Dy. Director of Income Tax isn't empowered to lodge complaint for prosecution against taxpayer

9:08 AM Add Comment
In view of restrictive preconditions imposed by Section 195 CrPC, Deputy Director of Income Tax is not a competent authority to whom appeal would ordinarily lie from decisions/orders of ITOs involved in search proceedings under Income-tax Act so as to empower him to lodge complaint for prosecution under Sections 109/191/193/196/200/420/120B/34 IPC

Where a single and combine search operation under Income-tax Act had been undertaken simultaneously both at Bhopal and Aurangabad for same purpose, alleged offence can be tried by courts otherwise competent at both aforementioned places; jurisdiction could not be confined only within territorial limits to Court at Aurangabad and Trial Court at Bhopal is also competent to try complaint

Refer:[2016] 73 32 (SC)
Income tax queries answered by Dilip Lakhani, Senior Chartered Accountant

Income tax queries answered by Dilip Lakhani, Senior Chartered Accountant

9:08 AM Add Comment
Every week, an expert selected by ET answers queries from our readers on income tax:

Q. I booked a commercial space which is under construction based on a stamp paper agreement (not registered) with the developer in Sept 2012. I received allotment letter mentioning the space number in Oct 2012 when it was still under construction. Before receiving any possession letter from the developer, I transferred my right and relinquished my interest in July 2016 to a third-party by a registered deed of conveyance where I became a confirming party. The gain was around Rs 22 lakh. Is this a long-term or short-term capital gain? Please mention the section of I-T Act or circular number of CBDT for the support. —SK BENERJEE

A. Since the period of holding is more than more than 36 months before the date of transfer of the rights in immovable property, the resultant gain will be chargeable to tax as long-term capital gains. Section 2(14) of the Income Tax Act,1961, defines the word 'capital asset'. The right in an immovable property falls within the definition of capital asset. You will be entitled to the benefit of indexation also and the difference between the sale consideration and the indexed cost of acquisition will be chargeable to tax as longterm capital gains.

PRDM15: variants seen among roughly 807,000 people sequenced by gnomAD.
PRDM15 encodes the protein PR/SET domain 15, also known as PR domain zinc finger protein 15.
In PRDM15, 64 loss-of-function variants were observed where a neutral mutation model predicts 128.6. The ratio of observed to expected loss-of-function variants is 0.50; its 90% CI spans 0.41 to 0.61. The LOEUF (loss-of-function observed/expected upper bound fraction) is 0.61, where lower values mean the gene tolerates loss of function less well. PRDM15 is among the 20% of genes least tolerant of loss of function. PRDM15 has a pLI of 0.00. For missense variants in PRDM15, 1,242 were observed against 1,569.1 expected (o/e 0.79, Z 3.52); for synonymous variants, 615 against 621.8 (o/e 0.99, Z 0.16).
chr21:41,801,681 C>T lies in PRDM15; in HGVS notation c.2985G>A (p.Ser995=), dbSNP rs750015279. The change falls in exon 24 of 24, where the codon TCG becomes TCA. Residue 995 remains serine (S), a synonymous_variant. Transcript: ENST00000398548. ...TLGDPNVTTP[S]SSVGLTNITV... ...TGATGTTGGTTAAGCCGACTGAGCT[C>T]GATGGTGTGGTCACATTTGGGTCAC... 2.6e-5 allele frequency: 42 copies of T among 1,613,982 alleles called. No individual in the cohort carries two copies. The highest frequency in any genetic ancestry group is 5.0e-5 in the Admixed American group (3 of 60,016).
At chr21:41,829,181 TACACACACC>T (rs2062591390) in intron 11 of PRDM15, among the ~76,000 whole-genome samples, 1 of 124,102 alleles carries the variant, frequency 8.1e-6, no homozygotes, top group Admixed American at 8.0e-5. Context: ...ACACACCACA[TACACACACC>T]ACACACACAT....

Q. My mother purchased a house along with servants' quarters in South Delhi in 2013 for Rs 1.8 crore. She expired in 2015. As per her duly registered will, I and my deceased sister's husband are joint owners of above immoveable property. We have received an offer for purchase of the property for Rs 2.75 crore. The sale consideration will be shared equally between both of us. Kindly clarify whether there would be capital gains tax on the sale consideration? Steps to avoid such tax? —VINITA SRIVASTAVA

A. You and your sister's husband will be liable to pay tax on capital gains individually in the same proportion in which you share the sale consideration of the property. Around 50% of the acquisition cost of your mother will be deemed to be the cost in your hands for the purpose of computing capital gains. If the property is held by you for more than 3 years from the date of purchase by your mother, then benefit of indexation of cost will be available and the resultant long-term capital gains will be chargeable to tax at 20%. Otherwise the resultant capital gains will be short-term capital gains chargeable to tax at 30%. You may claim exemption by investing into a new residential house u/s.54 or investment in specified bonds u/s. 54EC of the I-T Act, 1961 subject to conditions specified in the respective sections against the long-term capital gains chargeable to tax on the sale of the property at South Delhi.